The recent handcuffing of an inmate without food for 32 hours is part of a troubling pattern of similar mistreatment in the Los Angeles County jails since the beginning of last year, the Sheriff's Department's independent civilian watchdog said Sunday.
Inspector General Max Huntsman cited three additional incidents in which inmates were allegedly tethered to objects for prolonged periods.
During one that Huntsman called "particularly humiliating," an inmate was restrained naked in an area where visitors to the jail could see him. Another at the North County Correctional Facility resulted in 14 jail employees, including nine supervisors, being reassigned to jobs where they had no contact with inmates.
In another case, an inmate was restrained for a long period in a way that was physically uncomfortable, Huntsman said.
The mistreatment of tethered inmates underscores the challenges that Sheriff Jim McDonnell faces in reforming the nation's largest county jail system, where allegations of deputies brutally beating inmates were once common. Last month, two deputies and their former supervisor were convicted of beating a visitor to the jail while he was handcuffed.
Cameras in the jails, as well as new rules limiting when deputies can use physical force against inmates, have helped make the jails generally less violent. But serious issues remain, including the treatment of mentally ill inmates as well as unruly or violent inmates who are restrained by tethering them.
"It's pretty clear that the problem is not fixed," Huntsman said. "There appears to be a pattern, and it isn't just individual deputies — the problem is more systemic."
McDonnell, who served on a blue-ribbon commission on jail violence, was elected in November on a reform agenda.
On Sunday, he offered new details about the incident. The inmate, who was booked on an arson charge, was in a medical holding cell June 19 and was identified as suicidal and suffered from mental health problems, McDonnell said. According to preliminary reports, the inmate head-butted a female deputy, who sustained a concussion.
The inmate was then placed in a restraint chair and handcuffed to the chair for about 32 hours, McDonnell said. He received no food and only a single cup of water, though he did receive medical treatment, according to information released by the Sheriff's Department. Ten jail employees, including three supervisors, were relieved of duty, and a number of others were reassigned.
"I don't know how this could go on for this period of time, him not being checked on. Where is the breakdown? We're looking at the system to see how did this possibly occur," McDonnell said.
A department spokeswoman said Sunday that a new team consisting of two deputies will work 24 hours a day at the Inmate Reception Center, which processes new inmates, to make sure inmates are quickly sent to permanent housing.
With the Inmate Movement Team in place, the inmate restrained June 19 would not have been left for so long, the spokeswoman, Carol Lin, said.
"There is a problem in the L.A. County jails and every jail facility nationally in dealing with those dealing with mental illness," McDonnell said. "When someone is acting out on their illness, we have to restrain them so they don't hurt themselves or someone else. The challenge is to do that as humanely as possible."
Inmates are sometimes tethered when they become violent, refuse to be searched or have been caught with contraband. Handcuffs or other restraining devices such as waist chains are used to tie the inmate to a fixed object such as a chair or a table.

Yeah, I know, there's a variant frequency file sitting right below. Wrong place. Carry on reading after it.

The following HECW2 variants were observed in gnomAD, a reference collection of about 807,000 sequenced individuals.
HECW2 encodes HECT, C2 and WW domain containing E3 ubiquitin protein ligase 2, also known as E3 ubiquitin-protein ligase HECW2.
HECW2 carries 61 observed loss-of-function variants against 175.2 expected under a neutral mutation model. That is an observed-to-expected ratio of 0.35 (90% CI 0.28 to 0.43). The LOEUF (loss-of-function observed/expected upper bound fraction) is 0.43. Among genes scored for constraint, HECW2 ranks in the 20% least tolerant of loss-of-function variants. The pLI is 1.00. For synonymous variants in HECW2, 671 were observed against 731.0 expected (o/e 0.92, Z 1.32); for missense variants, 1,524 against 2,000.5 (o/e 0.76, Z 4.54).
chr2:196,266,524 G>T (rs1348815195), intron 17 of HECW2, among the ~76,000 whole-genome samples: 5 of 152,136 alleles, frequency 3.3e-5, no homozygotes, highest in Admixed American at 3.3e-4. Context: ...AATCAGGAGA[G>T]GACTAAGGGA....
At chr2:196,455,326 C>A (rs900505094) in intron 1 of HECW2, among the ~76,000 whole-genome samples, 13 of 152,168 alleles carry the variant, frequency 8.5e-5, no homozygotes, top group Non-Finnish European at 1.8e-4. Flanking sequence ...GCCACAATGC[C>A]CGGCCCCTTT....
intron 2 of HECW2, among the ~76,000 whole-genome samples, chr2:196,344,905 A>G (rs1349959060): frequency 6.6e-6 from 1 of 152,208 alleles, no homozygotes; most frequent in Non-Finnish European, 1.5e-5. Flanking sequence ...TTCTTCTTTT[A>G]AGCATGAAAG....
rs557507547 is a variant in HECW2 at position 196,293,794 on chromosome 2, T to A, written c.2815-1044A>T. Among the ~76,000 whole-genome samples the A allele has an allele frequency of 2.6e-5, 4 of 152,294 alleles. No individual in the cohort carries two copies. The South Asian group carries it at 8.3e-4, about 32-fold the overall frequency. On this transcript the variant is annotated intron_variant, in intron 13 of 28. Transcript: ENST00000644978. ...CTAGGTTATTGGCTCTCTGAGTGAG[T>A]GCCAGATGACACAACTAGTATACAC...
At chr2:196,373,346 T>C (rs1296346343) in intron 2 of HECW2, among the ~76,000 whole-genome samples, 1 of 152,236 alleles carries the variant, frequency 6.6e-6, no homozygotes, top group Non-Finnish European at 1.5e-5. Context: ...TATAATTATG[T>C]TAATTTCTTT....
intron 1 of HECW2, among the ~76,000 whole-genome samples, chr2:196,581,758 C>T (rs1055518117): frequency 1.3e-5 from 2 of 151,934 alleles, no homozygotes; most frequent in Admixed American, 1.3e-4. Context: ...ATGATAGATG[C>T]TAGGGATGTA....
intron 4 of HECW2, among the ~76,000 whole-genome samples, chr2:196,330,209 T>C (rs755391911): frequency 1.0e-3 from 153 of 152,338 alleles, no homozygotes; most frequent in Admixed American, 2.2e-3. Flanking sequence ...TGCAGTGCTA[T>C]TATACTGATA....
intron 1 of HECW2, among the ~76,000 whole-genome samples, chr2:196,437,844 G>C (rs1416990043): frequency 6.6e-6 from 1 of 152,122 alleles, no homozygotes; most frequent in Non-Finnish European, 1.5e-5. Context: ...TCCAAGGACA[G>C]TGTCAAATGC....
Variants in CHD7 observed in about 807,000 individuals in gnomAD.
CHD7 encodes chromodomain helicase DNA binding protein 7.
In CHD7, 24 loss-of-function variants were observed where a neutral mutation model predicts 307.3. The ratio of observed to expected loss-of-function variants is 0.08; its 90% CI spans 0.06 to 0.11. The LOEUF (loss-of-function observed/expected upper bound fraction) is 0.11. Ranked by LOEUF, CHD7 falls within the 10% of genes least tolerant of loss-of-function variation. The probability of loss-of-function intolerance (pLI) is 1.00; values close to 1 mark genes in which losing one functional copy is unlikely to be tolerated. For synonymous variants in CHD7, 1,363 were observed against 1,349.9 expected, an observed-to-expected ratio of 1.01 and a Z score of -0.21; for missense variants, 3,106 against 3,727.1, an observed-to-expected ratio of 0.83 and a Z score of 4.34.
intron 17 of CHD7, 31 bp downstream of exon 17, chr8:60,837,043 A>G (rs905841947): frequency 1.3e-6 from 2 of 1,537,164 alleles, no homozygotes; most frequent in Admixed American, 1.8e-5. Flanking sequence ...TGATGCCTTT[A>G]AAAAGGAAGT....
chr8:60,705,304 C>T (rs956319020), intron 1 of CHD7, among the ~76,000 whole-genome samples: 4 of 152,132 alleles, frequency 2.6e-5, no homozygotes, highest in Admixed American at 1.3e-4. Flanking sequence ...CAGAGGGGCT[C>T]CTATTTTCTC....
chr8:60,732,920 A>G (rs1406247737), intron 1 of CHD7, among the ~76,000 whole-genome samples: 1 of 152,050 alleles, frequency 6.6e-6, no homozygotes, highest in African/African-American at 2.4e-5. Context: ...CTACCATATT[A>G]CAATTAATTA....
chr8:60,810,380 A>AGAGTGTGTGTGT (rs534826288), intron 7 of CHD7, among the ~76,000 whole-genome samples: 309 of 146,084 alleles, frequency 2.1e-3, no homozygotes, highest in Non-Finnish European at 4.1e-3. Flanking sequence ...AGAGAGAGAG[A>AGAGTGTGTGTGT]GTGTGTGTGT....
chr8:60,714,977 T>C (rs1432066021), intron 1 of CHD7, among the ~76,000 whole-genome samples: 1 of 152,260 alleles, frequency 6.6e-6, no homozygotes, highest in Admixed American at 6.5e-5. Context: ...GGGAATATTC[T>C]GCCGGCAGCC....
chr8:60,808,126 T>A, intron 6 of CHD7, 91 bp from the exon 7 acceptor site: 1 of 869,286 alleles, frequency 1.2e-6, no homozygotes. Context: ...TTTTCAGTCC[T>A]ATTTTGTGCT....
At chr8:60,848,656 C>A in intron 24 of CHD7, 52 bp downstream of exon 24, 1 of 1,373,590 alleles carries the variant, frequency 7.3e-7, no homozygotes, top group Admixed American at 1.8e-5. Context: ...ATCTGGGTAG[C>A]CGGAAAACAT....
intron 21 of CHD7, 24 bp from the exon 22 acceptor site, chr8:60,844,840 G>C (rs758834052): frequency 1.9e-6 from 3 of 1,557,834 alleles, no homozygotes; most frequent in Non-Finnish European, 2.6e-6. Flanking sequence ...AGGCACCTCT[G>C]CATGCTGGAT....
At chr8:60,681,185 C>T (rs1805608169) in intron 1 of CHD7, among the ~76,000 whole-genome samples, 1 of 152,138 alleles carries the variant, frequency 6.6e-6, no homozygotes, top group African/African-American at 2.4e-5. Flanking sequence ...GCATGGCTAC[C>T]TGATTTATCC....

Huntsman said that after the first three tethering incidents, sheriff's officials drafted new rules that specify how long inmates can be tethered in certain situations. The rules state that supervisors should be involved in the decisions and that tethered inmates should be closely monitored by deputies and video cameras, Huntsman said.
According to department policy, handcuffed inmates should be checked every 15 minutes. Those handcuffed for an extended period "may be" given restroom access and meals.
"When they're dealing with an inmate who's not doing what he's supposed to be doing, they can't drop the health and safety of the inmate," Huntsman said. "It can't be 'He broke the rules, now I can do whatever the heck I want.'"
Huntsman, who is preparing a report on the tethering issue, is working with sheriff's officials to refine the rules. He said he is not conducting his own independent investigations because his power to do so is limited. The Sheriff's Department is investigating each incident internally and has referred the June 19 incident to the FBI.
Huntsman said he is not familiar with further details of the incidents because he does not have access to the department's internal investigations.
On Friday, sheriff's officials reminded all Inmate Reception Center employees of the protocols on restraining inmates, feeding them and checking on them. Employees will undergo additional training, the department said.
Huntsman said he was troubled that in some cases, supervisors apparently knew of the tethering and did not stop it.
Derek Hsieh, assistant executive director of the deputies union, also noted the supervisors' involvement, calling the issues systemic, not individual.
"How do you blame the journeyman when the foreman called the shots? It looks like people may have been following established procedure," Hsieh said.
From the information released by the Sheriff's Department about the June 19 incident, it is not clear whether deputies deliberately mistreated the inmate or whether they may have forgotten about him as they worked to process new arrivals in the understaffed, overpopulated jails.
"Did the deputies not know better or were they angry, retaliating?" Huntsman said.